Posted: 5:45 a.m. on April 3, 2019
MADISON, Wis. (AP) — The Wisconsin Supreme Court race that liberals needed to win to have a shot at taking majority control of the court next year appeared headed for a recount, with the conservative candidate holding a narrow lead following Tuesday's election.
A conservative victory would increase their majority to 5-2 and ensure their control over the court, which they've held since 2008, for years to come. It would be a particularly stinging defeat for liberals, who were confident and riding a wave of wins in 2018, including picking up a Supreme Court seat and ousting Republican Gov. Scott Walker.
Conservative Brian Hagedorn, who was Walker's chief legal counsel for five years, led liberal-backed Lisa Neubauer by about 1,600 votes out of nearly 1.2 million cast, based on unofficial results. That is a difference of about 0.14 percentage point, close enough for Neubauer to request a recount at taxpayers' expense.
"This race is too close to call," Neubauer campaign manager Tyler Hendricks said in a statement. "We are almost assuredly headed to a recount. We are going to make sure every vote is counted. Wisconsinites deserve to know we have had a fair election and that every vote is counted."
Counties will canvass the vote starting next week to determine the official margin of victory. The last time there was a recount in a Wisconsin Supreme Court race was in 2011.
This year's contest, the only statewide election of the year, was also viewed as a barometer of voter moods heading into the 2020 presidential year. Turnout was strong at about 26%, beating the 2018 Supreme Court turnout of 22%, and the tight outcome provides more evidence of how evenly divided Wisconsin is.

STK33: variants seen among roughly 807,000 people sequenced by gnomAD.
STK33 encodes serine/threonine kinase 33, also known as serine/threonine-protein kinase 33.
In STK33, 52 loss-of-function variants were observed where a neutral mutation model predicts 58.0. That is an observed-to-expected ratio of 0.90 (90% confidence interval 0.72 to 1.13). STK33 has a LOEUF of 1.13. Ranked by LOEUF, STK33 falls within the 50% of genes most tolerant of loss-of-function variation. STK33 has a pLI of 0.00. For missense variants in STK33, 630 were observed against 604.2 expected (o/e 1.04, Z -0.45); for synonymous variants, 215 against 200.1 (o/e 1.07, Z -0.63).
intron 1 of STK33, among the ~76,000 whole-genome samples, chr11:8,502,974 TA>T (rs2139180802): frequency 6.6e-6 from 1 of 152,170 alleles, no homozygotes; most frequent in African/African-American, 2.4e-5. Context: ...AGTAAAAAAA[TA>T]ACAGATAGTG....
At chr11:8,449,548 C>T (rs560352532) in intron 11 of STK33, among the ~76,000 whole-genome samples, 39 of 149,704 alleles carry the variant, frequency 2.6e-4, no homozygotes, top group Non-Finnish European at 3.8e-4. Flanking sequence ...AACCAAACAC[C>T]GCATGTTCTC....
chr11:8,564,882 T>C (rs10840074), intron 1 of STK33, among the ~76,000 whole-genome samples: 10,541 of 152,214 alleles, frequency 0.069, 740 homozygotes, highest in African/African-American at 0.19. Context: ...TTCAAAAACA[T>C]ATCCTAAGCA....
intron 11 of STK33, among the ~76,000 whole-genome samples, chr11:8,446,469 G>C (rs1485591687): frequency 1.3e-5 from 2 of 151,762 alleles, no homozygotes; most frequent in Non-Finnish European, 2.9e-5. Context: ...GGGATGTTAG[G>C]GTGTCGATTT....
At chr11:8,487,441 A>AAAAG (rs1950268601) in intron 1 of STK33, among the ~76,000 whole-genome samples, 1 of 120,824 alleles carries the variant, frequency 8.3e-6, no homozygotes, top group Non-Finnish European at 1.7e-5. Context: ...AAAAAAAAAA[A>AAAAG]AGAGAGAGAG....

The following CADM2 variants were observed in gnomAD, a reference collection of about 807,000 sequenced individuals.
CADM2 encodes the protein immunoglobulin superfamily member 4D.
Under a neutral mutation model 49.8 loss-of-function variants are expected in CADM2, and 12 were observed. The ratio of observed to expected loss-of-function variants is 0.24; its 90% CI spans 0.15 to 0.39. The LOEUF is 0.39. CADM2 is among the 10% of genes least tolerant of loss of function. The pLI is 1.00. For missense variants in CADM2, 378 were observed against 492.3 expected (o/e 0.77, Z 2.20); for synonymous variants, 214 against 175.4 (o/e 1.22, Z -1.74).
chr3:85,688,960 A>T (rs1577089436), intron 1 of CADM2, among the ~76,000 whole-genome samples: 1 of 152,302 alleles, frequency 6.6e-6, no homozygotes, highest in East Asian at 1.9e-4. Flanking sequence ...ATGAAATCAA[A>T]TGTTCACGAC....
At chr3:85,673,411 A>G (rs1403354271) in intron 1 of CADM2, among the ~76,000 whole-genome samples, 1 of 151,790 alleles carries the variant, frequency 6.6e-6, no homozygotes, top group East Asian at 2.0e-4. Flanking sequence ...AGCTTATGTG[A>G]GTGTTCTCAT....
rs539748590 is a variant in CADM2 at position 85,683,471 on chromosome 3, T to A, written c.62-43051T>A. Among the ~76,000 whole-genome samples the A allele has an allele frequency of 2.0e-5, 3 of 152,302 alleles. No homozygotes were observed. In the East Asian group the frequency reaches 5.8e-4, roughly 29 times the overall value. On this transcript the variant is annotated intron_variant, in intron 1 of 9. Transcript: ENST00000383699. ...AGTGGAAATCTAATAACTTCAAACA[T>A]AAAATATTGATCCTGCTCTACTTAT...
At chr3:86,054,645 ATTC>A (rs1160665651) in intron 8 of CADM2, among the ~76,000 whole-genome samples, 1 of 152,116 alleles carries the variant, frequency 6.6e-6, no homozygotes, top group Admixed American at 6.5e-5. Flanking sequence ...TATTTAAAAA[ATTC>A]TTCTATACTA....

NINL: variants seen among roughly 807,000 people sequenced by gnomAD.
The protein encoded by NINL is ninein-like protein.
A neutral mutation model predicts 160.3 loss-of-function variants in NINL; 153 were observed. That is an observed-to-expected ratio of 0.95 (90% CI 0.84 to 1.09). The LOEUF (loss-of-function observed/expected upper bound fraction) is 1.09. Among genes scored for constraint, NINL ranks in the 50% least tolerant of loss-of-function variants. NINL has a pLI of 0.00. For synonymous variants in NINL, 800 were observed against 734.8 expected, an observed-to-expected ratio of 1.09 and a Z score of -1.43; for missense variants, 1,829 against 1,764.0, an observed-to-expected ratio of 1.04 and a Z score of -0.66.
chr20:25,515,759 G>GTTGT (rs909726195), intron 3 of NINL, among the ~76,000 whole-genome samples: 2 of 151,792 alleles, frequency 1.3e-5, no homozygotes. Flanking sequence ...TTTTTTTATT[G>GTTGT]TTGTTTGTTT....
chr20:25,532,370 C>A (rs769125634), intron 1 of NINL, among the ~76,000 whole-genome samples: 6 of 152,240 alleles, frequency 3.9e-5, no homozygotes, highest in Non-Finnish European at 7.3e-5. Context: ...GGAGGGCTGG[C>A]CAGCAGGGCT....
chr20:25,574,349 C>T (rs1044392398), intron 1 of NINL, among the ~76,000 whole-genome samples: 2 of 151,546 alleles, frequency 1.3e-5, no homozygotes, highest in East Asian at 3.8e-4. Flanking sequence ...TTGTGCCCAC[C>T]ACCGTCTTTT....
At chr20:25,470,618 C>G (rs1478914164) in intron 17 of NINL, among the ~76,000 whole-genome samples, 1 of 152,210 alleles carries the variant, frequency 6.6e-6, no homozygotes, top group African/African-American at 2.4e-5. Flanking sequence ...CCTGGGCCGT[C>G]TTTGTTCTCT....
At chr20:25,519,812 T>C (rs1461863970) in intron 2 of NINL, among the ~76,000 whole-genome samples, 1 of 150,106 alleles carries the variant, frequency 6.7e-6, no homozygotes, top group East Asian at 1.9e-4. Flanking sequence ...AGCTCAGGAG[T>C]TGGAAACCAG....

President Donald Trump carried the state by less than a percentage point, and Walker lost by just over 1 point.
The Wisconsin Supreme Court has been the final word in some of the most partisan battles in the state over the past decade. It has upheld several polarizing laws passed by the Republican-controlled Legislature and was expected to be at the center of battles between Democratic Gov. Tony Evers and GOP lawmakers.
Both Neubauer and Hagedorn are appeals court judges and partisan interests played heavy in the race.
Former Democratic U.S. Attorney General Eric Holder's group committed to spending $350,000 to help Neubauer win. A host of conservative groups, including Americans for Prosperity that is part of the Koch network, matched Democratic outside spending to help Hagedorn.
Hagedorn, an evangelical Christian, spent much of the race defending his conservative beliefs. Opponents have pointed to a blog he wrote as a law school student in the mid-2000s in which he called Planned Parenthood a "wicked organization" and denounced court rulings favoring gay rights by likening homosexuality to bestiality. They have also pointed to his founding of a conservative private school that allows for expelling students who are gay. Hagedorn was also paid $3,000 to give speeches at meetings of the Alliance Defending Freedom, a group that supported criminalizing sodomy and sterilizing transgender people.
Neubauer, 61, was appointed to the appeals court in 2007 by former Democratic Gov. Jim Doyle. Neubauer was elected to the appeals court in 2008, re-elected in 2014 and has been chief judge since 2015. She spent almost 20 years as an attorney in private practice. Nearly every judge who endorsed a candidate in the race — more than 340, or 98% — backs Neubauer. Hagedorn won endorsements from the National Rifle Association and Wisconsin Right to Life.
The winner will serve a 10-year term and replace retiring liberal Justice Shirley Abrahamson, who is 85.